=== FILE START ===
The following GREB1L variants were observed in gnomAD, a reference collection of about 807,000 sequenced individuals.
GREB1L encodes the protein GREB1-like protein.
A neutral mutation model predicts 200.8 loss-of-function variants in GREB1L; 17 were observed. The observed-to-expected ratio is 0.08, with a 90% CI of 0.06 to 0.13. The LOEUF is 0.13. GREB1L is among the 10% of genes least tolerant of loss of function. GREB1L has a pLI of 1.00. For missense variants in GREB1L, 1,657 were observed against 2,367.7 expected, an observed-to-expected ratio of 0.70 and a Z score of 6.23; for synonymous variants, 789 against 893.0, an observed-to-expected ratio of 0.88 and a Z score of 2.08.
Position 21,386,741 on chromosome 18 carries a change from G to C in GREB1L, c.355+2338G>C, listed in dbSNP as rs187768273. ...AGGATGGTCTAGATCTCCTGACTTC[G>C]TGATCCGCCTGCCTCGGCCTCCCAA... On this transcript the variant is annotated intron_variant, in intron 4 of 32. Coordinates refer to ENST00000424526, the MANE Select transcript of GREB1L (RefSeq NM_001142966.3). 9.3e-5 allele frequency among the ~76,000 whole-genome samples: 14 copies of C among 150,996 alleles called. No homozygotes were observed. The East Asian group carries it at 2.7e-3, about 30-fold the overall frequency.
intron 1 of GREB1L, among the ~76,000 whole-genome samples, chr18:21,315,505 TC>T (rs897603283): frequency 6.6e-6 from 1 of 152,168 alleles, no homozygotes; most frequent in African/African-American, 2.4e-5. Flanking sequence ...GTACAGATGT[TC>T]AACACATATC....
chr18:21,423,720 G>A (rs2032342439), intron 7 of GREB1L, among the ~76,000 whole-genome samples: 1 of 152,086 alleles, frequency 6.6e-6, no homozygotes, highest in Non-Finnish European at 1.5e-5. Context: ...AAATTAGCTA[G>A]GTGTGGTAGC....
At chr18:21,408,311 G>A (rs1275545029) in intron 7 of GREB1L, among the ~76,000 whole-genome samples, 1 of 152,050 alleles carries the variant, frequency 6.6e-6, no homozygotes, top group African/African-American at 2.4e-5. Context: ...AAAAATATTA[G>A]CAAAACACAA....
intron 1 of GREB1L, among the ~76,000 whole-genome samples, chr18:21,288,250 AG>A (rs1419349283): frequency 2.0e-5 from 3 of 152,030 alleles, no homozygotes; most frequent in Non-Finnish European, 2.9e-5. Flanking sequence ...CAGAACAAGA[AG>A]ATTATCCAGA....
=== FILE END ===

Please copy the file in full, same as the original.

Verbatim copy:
The following GREB1L variants were observed in gnomAD, a reference collection of about 807,000 sequenced individuals.
GREB1L encodes the protein GREB1-like protein.
A neutral mutation model predicts 200.8 loss-of-function variants in GREB1L; 17 were observed. The observed-to-expected ratio is 0.08, with a 90% CI of 0.06 to 0.13. The LOEUF is 0.13. GREB1L is among the 10% of genes least tolerant of loss of function. GREB1L has a pLI of 1.00. For missense variants in GREB1L, 1,657 were observed against 2,367.7 expected, an observed-to-expected ratio of 0.70 and a Z score of 6.23; for synonymous variants, 789 against 893.0, an observed-to-expected ratio of 0.88 and a Z score of 2.08.
Position 21,386,741 on chromosome 18 carries a change from G to C in GREB1L, c.355+2338G>C, listed in dbSNP as rs187768273. ...AGGATGGTCTAGATCTCCTGACTTC[G>C]TGATCCGCCTGCCTCGGCCTCCCAA... On this transcript the variant is annotated intron_variant, in intron 4 of 32. Coordinates refer to ENST00000424526, the MANE Select transcript of GREB1L (RefSeq NM_001142966.3). 9.3e-5 allele frequency among the ~76,000 whole-genome samples: 14 copies of C among 150,996 alleles called. No homozygotes were observed. The East Asian group carries it at 2.7e-3, about 30-fold the overall frequency.
intron 1 of GREB1L, among the ~76,000 whole-genome samples, chr18:21,315,505 TC>T (rs897603283): frequency 6.6e-6 from 1 of 152,168 alleles, no homozygotes; most frequent in African/African-American, 2.4e-5. Flanking sequence ...GTACAGATGT[TC>T]AACACATATC....
chr18:21,423,720 G>A (rs2032342439), intron 7 of GREB1L, among the ~76,000 whole-genome samples: 1 of 152,086 alleles, frequency 6.6e-6, no homozygotes, highest in Non-Finnish European at 1.5e-5. Context: ...AAATTAGCTA[G>A]GTGTGGTAGC....
At chr18:21,408,311 G>A (rs1275545029) in intron 7 of GREB1L, among the ~76,000 whole-genome samples, 1 of 152,050 alleles carries the variant, frequency 6.6e-6, no homozygotes, top group African/African-American at 2.4e-5. Context: ...AAAAATATTA[G>A]CAAAACACAA....
intron 1 of GREB1L, among the ~76,000 whole-genome samples, chr18:21,288,250 AG>A (rs1419349283): frequency 2.0e-5 from 3 of 152,030 alleles, no homozygotes; most frequent in Non-Finnish European, 2.9e-5. Flanking sequence ...CAGAACAAGA[AG>A]ATTATCCAGA....